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Silver Dollar Games Talks Returning to the Fight with One Finger Death Punch 2

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One Finger Death Punch 2 is a fast and frantic action-packed sequel, taking what the developers at Silver Dollar Games did not like about the first and everything it learned to make a new title the team can be proud of. At EGLX the team held a tournament with a $1000 prize for the high-scorer over the course of the weekend. To learn more about the game and the kung fu inspirations, check out OnlySP’s interview above with the project’s programmer Jonathan Flook.

The original was not up to the team’s standards but had to be shipped, such as the industry at times, and with many others trying to do their own version of a two button brawler the Flook brothers wanted to come back and make a new entry to beat all the others. By all means, they have done so in spades. Watching the game on the show floor at EGLX is captivating, even for those that would not play a game such as One Finger Death Punch 2, just seeing the fighting on screen was enough to get their attention for some time. Playing the game feels so responsive and exhilarating.

The team has added far more depth and complexity to a game that has two buttons than most would think can be done, with dodging and deflecting projectiles, using weapons, and brawlers that take many inputs, the game stays fresh and engaging. For instance dodging a ninja star, as impressive as that is, can throw off what is expected as the next person will die and now the player has to take that into consideration with the fight and to make sure they do not attack an already dead stickman.

The game has many tutorial stages and mission modes which make it great for players to sit down, learn, and kill a few minutes. The game also has many boss battles that have the player making correct inputs to make sure they dodge and counter the opponent. After killing bosses, brawlers, and many others, the player character will let off special techniques that can kill multiple enemies on screen or pop up giant artwork which livens up the game and adds more to the experience.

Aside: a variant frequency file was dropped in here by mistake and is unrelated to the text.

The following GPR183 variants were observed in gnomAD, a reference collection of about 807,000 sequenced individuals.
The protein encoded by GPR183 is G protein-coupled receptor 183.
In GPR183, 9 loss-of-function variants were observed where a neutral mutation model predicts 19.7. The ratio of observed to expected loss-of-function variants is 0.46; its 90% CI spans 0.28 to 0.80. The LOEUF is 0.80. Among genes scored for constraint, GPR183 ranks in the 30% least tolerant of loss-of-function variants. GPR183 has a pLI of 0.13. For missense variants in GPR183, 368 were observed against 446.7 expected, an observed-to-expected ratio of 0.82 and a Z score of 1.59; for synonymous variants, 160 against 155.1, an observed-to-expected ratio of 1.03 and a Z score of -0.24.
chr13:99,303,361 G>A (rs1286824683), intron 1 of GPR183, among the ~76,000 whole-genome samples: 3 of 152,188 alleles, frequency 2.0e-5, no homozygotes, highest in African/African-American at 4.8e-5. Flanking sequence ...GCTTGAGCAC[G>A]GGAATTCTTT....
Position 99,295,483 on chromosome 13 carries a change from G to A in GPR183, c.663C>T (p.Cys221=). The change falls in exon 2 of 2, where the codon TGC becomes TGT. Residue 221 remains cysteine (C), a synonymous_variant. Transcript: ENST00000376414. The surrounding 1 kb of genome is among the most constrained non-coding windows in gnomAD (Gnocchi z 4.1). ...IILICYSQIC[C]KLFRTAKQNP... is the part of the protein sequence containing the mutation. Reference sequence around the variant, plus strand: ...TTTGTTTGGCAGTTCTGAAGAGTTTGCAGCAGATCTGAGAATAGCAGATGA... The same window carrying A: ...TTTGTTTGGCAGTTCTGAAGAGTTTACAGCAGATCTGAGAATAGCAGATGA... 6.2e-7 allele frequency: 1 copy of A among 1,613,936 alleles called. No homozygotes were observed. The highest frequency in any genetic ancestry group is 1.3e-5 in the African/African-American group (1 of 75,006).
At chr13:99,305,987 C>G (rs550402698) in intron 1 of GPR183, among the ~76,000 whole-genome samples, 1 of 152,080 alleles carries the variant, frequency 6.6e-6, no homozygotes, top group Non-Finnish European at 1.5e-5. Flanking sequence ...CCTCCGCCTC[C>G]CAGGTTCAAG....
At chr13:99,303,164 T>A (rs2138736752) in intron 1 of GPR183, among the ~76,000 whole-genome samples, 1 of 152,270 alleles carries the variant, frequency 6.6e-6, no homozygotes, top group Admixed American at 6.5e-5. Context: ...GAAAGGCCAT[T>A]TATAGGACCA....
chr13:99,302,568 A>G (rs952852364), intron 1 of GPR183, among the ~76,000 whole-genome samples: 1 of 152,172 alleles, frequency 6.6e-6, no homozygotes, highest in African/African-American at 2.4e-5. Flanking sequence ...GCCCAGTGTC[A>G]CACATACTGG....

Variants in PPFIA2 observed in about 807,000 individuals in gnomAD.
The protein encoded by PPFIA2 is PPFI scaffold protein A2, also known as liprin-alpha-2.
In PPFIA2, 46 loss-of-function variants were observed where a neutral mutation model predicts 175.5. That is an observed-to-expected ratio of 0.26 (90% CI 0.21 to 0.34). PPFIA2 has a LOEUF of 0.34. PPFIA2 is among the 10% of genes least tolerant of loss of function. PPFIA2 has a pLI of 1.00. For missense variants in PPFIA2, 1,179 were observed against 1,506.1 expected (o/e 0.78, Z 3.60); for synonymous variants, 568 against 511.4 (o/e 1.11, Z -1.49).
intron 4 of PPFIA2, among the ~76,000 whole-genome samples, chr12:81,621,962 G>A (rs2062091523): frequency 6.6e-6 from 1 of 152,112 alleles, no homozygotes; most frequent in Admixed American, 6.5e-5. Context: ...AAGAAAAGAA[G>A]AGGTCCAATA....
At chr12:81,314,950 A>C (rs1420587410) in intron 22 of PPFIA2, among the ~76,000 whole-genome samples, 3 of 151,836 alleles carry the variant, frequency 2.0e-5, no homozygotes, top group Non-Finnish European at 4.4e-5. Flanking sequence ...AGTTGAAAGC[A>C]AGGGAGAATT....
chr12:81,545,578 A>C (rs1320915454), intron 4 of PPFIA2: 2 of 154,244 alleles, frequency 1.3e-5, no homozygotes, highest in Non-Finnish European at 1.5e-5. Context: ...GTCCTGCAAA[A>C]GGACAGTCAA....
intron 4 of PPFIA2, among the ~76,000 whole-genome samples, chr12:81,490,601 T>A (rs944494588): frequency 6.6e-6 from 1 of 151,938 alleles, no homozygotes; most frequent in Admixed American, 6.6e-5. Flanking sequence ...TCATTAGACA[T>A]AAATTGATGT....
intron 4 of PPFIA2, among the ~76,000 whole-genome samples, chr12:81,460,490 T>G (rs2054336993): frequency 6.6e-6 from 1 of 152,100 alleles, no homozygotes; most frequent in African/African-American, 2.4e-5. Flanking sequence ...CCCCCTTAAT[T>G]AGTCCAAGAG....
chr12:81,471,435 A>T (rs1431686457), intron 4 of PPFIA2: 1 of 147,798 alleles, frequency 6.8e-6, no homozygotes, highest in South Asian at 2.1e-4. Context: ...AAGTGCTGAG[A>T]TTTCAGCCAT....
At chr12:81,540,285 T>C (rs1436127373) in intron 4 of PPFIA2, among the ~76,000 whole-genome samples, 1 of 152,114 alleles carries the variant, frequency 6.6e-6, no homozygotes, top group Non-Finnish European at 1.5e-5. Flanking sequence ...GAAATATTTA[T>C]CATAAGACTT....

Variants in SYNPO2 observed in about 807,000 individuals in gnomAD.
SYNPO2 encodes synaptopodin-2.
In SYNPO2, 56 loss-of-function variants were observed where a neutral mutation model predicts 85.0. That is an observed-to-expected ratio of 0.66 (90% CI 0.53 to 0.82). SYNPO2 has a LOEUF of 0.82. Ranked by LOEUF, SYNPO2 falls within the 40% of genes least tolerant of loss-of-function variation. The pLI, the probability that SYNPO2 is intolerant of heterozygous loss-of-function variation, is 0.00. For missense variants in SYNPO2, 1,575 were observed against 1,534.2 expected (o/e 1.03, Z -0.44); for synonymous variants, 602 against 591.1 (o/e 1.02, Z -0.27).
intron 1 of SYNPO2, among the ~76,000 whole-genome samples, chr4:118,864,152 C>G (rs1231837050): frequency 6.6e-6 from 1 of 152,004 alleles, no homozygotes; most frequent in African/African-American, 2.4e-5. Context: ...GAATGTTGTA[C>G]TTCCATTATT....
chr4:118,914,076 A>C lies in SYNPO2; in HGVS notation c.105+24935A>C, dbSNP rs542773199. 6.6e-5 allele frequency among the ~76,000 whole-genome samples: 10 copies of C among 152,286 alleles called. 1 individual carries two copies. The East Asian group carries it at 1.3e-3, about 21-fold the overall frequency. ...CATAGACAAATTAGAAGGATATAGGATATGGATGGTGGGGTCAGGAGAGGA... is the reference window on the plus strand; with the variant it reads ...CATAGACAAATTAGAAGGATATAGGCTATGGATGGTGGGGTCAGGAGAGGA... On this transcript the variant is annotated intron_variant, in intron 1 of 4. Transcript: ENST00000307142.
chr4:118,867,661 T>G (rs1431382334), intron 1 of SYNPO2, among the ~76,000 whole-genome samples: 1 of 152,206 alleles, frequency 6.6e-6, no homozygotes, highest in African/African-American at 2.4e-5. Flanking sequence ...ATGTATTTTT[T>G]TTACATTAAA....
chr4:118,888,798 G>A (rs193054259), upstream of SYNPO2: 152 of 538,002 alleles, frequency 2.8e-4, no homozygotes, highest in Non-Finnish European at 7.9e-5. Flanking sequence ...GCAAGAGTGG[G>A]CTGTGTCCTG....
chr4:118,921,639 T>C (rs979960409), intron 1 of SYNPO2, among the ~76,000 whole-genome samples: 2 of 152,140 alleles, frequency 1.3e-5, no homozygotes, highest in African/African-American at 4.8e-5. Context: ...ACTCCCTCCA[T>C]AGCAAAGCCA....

Silver Dollar Games is not trying to make the next big fighting game or brawler, rather something that people have fun with to kill time, “a palette cleanser between games,” but the team may be a little too humble here. The title is not easy but is quick to jump back in after losing, giving the same feel that many people faced with Flappy Bird as they try to do their best, which may have players lose many hours as they lose themselves in the competitiveness and kung fu visual flair-filled carnage of One Finger Death Punch 2.

At a low price point of “possible $8,” as Mr. Flook stated in the interview down below, the game would be a great purchase even just to try out its strangely addictive mechanics or compete with others, especially given the titles different game modes and the co-op mode.

To see the other games that were showcased at EGLX click here!

For more on One Finger Death Punch 2, stay tuned to OnlySP on Facebook, Twitter, and YouTube, and check out the rest of our coverage from EGLX 2018.

A graduate of Game Development with a specialization in animation. A true love for all things creative especially Game Design and Story.

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Interview

The Long Return Creates a Beautiful Aesthetic in Each Level — An Interview With Max Nielsen

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Long Return header

The Long Return is a beautiful third-person puzzle adventure game, following the story of an orphaned cub. The player explores hand crafted levels as the cub retraces the steps it once took with his mother. The Long Return’s level design is familiar yet still distinct and refreshing, taking inspiration from both new and old games to create this muted low poly feel.